Electronics > Microcontrollers

Is a revision A of Silicon reliable, if there is a B?

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Siwastaja:

--- Quote from: westfw on June 18, 2021, 01:31:47 am ---Note that SOME VENDORS (cough Atmel) have been tacking on "B" suffixes where there used to be an "A", for essentially new parts with dramatically different functionality.  :-((ATmega88 - ok.  ATmega88P: improved low power features (supposedly) ATmega88A, ATmega88PA: die shrink/revision?, ATmega88PB: oh, we changed some of the power pins to IO pins, added some features to the UART, connected some former ADC-only pins to digital GPIO...  And the 328PB - that gets additional UART, SPI, and I2C ports, two more timers, and a touch controller.  Grr.)

--- End quote ---

I think you are mixing up part number suffixes and silicon revision codes.

ATMega328PB is a different part with a different part number than ATMega328P or ATMega328. Even in ideal world, they are not supposed to be compatible! Normal level of carefulness is enough when ordering. Every letter, number and symbol in part number matters. Always. Copy-paste the full part number. Do not assume anything else. Easy enough!

This thread discusses revision codes which are not visible in the part number and usually are not something you can order at least through normal distributors like Digikey. Here non-compatibility is a huge issue, and some manufacturers play dirtier tricks than others. In ideal world, the parts should be 100% compatible (or the manufacturer should change the part number instead, like ATMega328P->ATMega328PB) but in reality you need to be careful, for example STM32H743 had this change of ADC clock divisor messing up both binary and source level compatibility going to REV V. In some very rare/unlucky cases, it couldn't be worked around in software at all, rendering parts inoperable. But you can't order the old or new revision anywhere, you need to order the part number which stays the same, see what product you happen to get, then design the product around this. So shit like this sometimes happens.

errorprone:
It also depends on the manufacturer.  For the i.mxrt series the silicon revision is also tacked on to the part number.  Unfortunately nothing is consistent and you just have to read the datasheets and errata.

westfw:

--- Quote ---I think you are mixing up part number suffixes and silicon revision codes.

This thread discusses revision codes which are not visible in the part number
--- End quote ---
My point is that they ARE mixed up; some vendors will put them in the part number, and some won't.

JPortici:

--- Quote from: westfw on June 20, 2021, 10:54:01 pm ---
--- Quote ---I think you are mixing up part number suffixes and silicon revision codes.

This thread discusses revision codes which are not visible in the part number
--- End quote ---
My point is that they ARE mixed up; some vendors will put them in the part number, and some won't.


--- End quote ---

like TI and their LDOs that apparently have logic so complex they need different silicon revisions because safe modes are nonfunctional, and they will happily use an "A" for both a different version and a different pinout.. TPS709A is first revision, pinout A. TPS709AB is second revision, pinout B. TPS709BA is third revision, pinout A. With also a multitude of other letters after to complete the shitshow, the wrong revision/pinout can slip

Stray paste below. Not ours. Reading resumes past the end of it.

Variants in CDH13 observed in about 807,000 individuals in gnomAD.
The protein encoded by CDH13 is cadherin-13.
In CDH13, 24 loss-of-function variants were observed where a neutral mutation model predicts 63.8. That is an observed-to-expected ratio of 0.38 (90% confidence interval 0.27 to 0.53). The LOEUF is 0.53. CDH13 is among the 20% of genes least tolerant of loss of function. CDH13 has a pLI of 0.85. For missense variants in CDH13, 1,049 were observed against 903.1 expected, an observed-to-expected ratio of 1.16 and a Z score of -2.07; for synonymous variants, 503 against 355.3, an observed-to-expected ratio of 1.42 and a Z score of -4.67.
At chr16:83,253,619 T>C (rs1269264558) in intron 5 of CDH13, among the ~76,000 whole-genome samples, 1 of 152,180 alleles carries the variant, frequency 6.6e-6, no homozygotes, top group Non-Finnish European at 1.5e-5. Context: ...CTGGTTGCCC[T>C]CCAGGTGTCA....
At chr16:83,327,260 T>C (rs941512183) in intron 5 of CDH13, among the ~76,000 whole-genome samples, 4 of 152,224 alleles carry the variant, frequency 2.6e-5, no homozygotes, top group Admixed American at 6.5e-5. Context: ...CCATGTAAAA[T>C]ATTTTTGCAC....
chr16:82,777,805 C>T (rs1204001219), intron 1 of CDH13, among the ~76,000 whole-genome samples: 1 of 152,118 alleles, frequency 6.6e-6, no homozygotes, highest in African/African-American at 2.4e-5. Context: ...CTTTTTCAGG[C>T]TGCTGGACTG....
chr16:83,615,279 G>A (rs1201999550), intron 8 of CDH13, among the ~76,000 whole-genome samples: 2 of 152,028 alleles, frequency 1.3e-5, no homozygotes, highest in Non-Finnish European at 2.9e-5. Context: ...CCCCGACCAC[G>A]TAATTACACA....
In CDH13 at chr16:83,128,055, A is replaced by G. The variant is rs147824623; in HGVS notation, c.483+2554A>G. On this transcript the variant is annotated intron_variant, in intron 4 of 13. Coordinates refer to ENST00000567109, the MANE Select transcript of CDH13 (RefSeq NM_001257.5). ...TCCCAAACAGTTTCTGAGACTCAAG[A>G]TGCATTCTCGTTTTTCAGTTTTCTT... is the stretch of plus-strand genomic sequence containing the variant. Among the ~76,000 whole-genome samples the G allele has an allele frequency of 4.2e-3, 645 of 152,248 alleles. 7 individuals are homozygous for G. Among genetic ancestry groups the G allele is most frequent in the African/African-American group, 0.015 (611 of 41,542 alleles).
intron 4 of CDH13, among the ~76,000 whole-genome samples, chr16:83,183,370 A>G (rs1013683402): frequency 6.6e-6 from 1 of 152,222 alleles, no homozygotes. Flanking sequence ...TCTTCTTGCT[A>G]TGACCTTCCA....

(I don't remember if it was actually with the TPS709 that i had these issues, but you get the point)

Siwastaja:

--- Quote from: JPortici on June 22, 2021, 03:45:41 pm ---like TI and their LDOs that apparently have logic so complex they need different silicon revisions because safe modes are nonfunctional, and they will happily use an "A" for both a different version and a different pinout.. TPS709A is first revision, pinout A. TPS709AB is second revision, pinout B. TPS709BA is third revision, pinout A. With also a multitude of other letters after to complete the shitshow, the wrong revision/pinout can slip

--- End quote ---

Oh that sucks but it's totally manageable, all you need to do is to stupidly treat the part number as an identifier for a part, each unique part number is an unique part, bypassing all assumptions and all generic wisdom about similar numbers. The longer the part number is the easier it gets since it overwhelms your brain and makes you not look at it, only copy-paste. When ordering though be very careful you are actually getting what you copypasted in the search box.


But ST doesn't include the silicon revision in the part number, and silicon revisions are not necessarily binary or even source level compatible, and no, this isn't due to just bugfixes but other changes too, like arbitrarily adding a fixed, unnecessary and un-bypassable /2 clock divider into the ADC. There simply is no process to overcome this as far as I know, unless the process is:
* Every week or so, download the full st.com and all documentation, store in your archive
* Very early in design, order parts for the whole expected batch of the product
* Open the physical package
* Look at the device markings
* Now from your archive, find the documentation for that revision, since it's not publicly available anymore even though distributors sell you those parts
* Now design!
* Manufacture all units at once

... although I'm sure if you were a large enough player like a big automotive customer ST would help you in this process, I'm pretty sure.

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